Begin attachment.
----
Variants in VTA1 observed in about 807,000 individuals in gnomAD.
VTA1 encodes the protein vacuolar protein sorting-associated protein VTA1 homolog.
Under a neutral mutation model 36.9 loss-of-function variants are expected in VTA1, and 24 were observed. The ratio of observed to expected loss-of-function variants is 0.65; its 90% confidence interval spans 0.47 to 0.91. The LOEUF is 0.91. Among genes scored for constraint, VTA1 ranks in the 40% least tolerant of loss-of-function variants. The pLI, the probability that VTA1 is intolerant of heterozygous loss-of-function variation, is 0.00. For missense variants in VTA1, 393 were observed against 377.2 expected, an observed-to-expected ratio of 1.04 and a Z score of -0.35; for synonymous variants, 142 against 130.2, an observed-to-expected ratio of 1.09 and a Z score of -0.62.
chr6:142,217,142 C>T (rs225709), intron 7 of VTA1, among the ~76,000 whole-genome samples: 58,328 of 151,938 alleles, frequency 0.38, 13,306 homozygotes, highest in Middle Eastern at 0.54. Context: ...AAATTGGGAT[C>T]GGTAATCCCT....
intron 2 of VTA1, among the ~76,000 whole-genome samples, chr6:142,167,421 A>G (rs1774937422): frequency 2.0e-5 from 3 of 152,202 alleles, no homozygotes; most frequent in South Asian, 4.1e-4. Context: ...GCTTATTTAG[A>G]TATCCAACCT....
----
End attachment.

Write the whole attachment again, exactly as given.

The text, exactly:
Variants in VTA1 observed in about 807,000 individuals in gnomAD.
VTA1 encodes the protein vacuolar protein sorting-associated protein VTA1 homolog.
Under a neutral mutation model 36.9 loss-of-function variants are expected in VTA1, and 24 were observed. The ratio of observed to expected loss-of-function variants is 0.65; its 90% confidence interval spans 0.47 to 0.91. The LOEUF is 0.91. Among genes scored for constraint, VTA1 ranks in the 40% least tolerant of loss-of-function variants. The pLI, the probability that VTA1 is intolerant of heterozygous loss-of-function variation, is 0.00. For missense variants in VTA1, 393 were observed against 377.2 expected, an observed-to-expected ratio of 1.04 and a Z score of -0.35; for synonymous variants, 142 against 130.2, an observed-to-expected ratio of 1.09 and a Z score of -0.62.
chr6:142,217,142 C>T (rs225709), intron 7 of VTA1, among the ~76,000 whole-genome samples: 58,328 of 151,938 alleles, frequency 0.38, 13,306 homozygotes, highest in Middle Eastern at 0.54. Context: ...AAATTGGGAT[C>T]GGTAATCCCT....
intron 2 of VTA1, among the ~76,000 whole-genome samples, chr6:142,167,421 A>G (rs1774937422): frequency 2.0e-5 from 3 of 152,202 alleles, no homozygotes; most frequent in South Asian, 4.1e-4. Context: ...GCTTATTTAG[A>G]TATCCAACCT....